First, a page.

It is also not surprising that given the stage of their economies, both Chanakya and Bentham had less than sanguine views of individual actors. They saw them as being driven by pleasure and pain, gains and punishments – pushed and pulled by the anarchy and vagaries of the new, ferocious economic and social forces they found themselves in. For Chanakya, the Magadhan State had to intervene by having a strong and vigilant administration, which in turn had to be kept in check by vigilant spies. Despite that, Chanakya rues that detecting an official’s theft from public revenues is akin to finding out how much water is drunk by a swimming fish. The sole purpose of every action was the safety and profit of the state. Bentham’s panopticon obsession could be understood, given the emergence of large scale factory spaces and work places that required constant supervision of workers. These workers had to be trained and disciplined in schools and institutions to inculcate the norms of modern industrial production. Deviants had to observed and kept in check in asylums and rectified in prisons. Only then could the steam rollers of the Industrial revolution be rolled in.
Given these lessons from history, the surveillance and trail idee fixe of both China and India appear familiar. The juncture at which these economies are finding themselves today is similar to the Magadhan and British empires of yore. Both are headed towards a furious growth of their markets, have ambitions of becoming global economies and are looking to a strong, authoritarian state to sidle it in. Not surprisingly, Chanakya and Bentham would have a sympathetic ear from the statesmen and businesses in these States. Not only are we creating surveillance mechanisms that record and trail, but executing exchange, accounting and payment mechanisms that self-create these trails. While producers are being surveilled at offices and workplaces, consumers are being tracked and stalked by data-analytics. A world of A Perfect Spy and a perfect Panopticon.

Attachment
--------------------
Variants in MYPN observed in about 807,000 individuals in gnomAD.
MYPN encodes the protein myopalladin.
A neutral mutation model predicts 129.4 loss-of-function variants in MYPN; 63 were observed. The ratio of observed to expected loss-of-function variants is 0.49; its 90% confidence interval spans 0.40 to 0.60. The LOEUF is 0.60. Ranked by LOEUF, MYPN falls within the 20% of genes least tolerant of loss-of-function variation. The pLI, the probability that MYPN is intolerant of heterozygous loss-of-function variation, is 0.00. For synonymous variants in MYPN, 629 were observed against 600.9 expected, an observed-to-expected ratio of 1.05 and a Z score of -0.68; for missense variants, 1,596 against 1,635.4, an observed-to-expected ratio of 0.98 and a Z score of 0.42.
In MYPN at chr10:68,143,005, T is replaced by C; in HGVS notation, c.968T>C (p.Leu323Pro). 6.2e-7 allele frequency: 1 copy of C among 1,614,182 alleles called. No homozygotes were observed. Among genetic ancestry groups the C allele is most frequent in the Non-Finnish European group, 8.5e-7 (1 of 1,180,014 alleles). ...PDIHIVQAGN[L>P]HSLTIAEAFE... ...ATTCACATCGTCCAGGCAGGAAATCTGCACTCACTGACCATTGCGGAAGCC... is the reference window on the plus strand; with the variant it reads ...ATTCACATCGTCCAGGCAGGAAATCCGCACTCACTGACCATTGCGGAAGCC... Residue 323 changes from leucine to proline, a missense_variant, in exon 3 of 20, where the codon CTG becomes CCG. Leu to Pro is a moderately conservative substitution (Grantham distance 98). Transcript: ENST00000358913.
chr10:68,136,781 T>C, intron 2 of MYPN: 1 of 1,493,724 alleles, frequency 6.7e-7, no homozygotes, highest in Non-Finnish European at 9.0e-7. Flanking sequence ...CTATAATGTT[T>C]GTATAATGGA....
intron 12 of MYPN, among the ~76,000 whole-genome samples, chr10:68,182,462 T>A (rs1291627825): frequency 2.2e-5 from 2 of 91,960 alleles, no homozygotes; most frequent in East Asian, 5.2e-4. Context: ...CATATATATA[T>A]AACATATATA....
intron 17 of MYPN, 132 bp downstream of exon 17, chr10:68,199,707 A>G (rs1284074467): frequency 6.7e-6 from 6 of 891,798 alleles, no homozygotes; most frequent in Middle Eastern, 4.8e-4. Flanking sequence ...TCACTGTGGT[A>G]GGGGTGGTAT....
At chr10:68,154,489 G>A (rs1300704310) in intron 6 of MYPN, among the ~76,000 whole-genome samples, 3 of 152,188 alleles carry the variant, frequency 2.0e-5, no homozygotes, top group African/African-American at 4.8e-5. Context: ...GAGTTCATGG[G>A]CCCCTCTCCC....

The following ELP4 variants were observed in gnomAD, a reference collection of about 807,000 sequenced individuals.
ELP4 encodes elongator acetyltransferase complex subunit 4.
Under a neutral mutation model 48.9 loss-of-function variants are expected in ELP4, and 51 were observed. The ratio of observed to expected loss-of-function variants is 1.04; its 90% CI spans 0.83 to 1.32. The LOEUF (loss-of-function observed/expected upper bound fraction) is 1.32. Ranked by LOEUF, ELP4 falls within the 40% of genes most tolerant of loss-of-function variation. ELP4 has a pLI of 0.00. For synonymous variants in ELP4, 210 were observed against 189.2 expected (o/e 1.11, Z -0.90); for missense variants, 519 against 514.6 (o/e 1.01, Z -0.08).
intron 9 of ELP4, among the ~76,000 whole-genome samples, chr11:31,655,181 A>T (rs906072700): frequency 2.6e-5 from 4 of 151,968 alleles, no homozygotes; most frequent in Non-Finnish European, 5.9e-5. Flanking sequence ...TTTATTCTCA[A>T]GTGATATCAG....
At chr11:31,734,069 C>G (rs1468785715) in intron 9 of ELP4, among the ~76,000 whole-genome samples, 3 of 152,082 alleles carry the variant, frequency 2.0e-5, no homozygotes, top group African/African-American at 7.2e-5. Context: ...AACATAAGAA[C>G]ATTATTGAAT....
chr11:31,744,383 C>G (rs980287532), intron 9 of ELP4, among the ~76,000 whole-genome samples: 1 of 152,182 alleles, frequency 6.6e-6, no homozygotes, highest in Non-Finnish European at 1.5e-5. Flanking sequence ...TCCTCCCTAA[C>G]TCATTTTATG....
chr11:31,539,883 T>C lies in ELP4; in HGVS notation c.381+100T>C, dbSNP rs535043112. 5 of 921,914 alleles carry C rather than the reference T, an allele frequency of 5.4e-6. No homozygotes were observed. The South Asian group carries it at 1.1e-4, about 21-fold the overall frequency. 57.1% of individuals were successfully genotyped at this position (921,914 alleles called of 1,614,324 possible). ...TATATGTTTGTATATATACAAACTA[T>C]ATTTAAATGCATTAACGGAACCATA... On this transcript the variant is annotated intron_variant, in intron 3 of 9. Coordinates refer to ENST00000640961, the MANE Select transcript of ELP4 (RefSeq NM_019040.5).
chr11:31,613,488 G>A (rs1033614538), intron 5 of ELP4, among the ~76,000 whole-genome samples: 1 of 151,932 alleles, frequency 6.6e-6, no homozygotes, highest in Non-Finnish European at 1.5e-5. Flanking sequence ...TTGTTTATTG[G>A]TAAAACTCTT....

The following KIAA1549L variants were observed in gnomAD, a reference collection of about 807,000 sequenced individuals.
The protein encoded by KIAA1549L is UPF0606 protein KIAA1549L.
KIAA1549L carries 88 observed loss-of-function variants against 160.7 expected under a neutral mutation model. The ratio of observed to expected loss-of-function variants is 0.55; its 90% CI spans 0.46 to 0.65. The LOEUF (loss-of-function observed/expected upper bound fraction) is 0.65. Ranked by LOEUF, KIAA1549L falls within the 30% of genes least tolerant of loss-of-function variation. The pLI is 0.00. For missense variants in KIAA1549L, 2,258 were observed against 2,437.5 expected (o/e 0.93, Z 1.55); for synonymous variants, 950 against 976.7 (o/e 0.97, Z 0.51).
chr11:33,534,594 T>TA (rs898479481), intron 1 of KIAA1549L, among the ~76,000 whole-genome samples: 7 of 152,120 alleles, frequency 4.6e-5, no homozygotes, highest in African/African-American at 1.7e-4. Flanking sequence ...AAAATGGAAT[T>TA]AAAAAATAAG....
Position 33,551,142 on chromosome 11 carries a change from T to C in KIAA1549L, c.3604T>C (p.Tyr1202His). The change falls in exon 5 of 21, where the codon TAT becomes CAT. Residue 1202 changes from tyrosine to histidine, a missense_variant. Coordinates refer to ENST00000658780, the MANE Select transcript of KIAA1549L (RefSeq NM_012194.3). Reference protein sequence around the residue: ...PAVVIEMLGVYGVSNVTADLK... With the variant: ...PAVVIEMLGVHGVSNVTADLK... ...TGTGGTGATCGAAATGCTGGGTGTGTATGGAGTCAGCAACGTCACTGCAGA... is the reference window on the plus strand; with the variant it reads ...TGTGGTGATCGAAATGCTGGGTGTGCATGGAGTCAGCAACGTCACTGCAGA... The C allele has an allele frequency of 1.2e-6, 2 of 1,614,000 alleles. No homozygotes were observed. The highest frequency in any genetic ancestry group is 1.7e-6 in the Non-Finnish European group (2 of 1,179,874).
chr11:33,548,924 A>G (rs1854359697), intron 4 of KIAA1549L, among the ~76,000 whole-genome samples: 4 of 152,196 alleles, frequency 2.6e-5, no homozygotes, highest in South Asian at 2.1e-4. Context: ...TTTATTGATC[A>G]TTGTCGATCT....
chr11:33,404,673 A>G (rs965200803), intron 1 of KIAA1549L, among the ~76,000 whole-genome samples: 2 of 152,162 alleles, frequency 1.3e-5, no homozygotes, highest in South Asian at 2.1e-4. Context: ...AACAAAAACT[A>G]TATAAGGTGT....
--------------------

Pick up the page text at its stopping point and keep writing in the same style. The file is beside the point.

However, we can hope that we as citizens of today have moved beyond 4th BC Magadha and 18th century Britain. It is not surprising that both China and India are battling issues of privacy. A nine-judge bench of the Supreme Court of India ruled that Indians enjoy a fundamental right to privacy, that it is intrinsic to life and liberty and thus comes under Article 21 of the Indian constitution. China too is caught in a quagmire of defining its own privacy laws. History, typified by the Magadhan and British empires has its own take on the right of citizens in this new era of markets subject to internet and digital blitzkrieg. We will have to wait and see.
Acknowledgments: For Chanakya and Arthashastra - D.D.Kosambi’s The Culture and Civilisation of Ancient India in Historical Outline; for Bentham’s Panopticon - Michel Foucault’s Discipline and Punish – The Birth of the Prison; John Le Carre for A Perfect Spy.
Dr. Rajalaxmi Kamath is an Associate Professor with the Centre for Public Policy, Indian Institute of Management Bangalore. Views expressed in this column are personal.
[This article has been published with permission from IIM Bangalore. www.iimb.ac.in Views expressed are personal.]